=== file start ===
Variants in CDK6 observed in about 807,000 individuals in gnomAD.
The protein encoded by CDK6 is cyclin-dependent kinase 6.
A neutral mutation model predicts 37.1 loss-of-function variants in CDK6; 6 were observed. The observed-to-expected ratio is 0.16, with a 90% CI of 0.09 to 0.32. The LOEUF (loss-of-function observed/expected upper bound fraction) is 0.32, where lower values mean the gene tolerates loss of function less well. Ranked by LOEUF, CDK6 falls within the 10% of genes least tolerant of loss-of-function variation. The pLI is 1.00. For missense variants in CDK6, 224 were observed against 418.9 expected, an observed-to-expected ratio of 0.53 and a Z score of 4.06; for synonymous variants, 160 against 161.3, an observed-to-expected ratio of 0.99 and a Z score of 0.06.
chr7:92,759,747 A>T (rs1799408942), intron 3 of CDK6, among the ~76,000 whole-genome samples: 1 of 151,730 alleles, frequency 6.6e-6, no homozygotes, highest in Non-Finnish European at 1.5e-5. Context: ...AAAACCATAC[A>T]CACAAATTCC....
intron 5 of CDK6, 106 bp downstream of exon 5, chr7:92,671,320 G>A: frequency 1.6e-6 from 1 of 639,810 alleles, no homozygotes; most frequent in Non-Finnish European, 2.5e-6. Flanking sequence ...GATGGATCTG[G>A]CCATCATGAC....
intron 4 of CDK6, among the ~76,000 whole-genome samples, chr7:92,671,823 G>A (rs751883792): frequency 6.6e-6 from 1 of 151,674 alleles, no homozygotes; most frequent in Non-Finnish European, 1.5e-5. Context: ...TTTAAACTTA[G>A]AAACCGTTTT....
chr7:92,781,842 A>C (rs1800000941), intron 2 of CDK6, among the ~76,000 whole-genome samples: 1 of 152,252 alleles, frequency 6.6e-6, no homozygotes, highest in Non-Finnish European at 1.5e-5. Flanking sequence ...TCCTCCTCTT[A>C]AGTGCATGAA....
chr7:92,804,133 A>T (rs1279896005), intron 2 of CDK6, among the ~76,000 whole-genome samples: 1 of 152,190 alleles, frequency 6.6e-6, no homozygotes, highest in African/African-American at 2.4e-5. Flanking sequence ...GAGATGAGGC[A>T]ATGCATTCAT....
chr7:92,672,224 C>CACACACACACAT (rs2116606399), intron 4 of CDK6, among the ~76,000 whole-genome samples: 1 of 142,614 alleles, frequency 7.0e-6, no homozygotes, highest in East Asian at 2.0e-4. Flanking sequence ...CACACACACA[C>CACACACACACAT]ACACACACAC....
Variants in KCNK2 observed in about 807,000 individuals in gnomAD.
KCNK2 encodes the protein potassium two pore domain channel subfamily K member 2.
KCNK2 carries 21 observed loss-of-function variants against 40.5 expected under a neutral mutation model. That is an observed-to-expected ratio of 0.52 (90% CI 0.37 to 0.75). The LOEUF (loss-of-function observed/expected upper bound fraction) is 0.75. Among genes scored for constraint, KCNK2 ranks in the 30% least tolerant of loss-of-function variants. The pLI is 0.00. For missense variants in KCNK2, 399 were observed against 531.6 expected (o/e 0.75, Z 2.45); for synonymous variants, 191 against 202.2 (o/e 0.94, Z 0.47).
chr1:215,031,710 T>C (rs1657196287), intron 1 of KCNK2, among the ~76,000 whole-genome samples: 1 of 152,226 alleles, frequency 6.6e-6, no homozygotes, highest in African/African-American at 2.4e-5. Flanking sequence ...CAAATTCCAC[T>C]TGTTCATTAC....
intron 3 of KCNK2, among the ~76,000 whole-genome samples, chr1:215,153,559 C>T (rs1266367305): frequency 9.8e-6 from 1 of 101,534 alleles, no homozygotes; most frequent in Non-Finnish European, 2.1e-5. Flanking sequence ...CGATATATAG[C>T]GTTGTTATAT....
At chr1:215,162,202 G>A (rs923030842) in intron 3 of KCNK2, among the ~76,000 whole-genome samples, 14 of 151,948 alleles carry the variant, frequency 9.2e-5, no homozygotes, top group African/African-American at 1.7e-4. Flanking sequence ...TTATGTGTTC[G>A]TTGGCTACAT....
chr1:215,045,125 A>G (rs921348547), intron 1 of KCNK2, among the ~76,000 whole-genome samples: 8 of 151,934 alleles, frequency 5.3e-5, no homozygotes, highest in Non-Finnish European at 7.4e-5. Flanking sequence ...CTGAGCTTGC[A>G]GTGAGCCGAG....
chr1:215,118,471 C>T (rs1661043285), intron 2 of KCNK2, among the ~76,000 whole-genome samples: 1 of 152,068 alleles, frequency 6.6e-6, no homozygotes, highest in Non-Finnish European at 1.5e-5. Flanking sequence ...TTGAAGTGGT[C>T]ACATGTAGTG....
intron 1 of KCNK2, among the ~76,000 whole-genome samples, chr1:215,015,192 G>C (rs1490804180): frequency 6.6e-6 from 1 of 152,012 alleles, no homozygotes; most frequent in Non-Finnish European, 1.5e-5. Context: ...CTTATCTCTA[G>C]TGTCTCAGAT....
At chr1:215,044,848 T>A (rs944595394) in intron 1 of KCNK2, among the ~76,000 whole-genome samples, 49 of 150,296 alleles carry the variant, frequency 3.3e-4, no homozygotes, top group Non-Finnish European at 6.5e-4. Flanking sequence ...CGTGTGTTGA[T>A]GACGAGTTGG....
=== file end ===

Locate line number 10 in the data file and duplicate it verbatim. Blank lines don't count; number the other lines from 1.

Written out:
Variants in KCNK2 observed in about 807,000 individuals in gnomAD.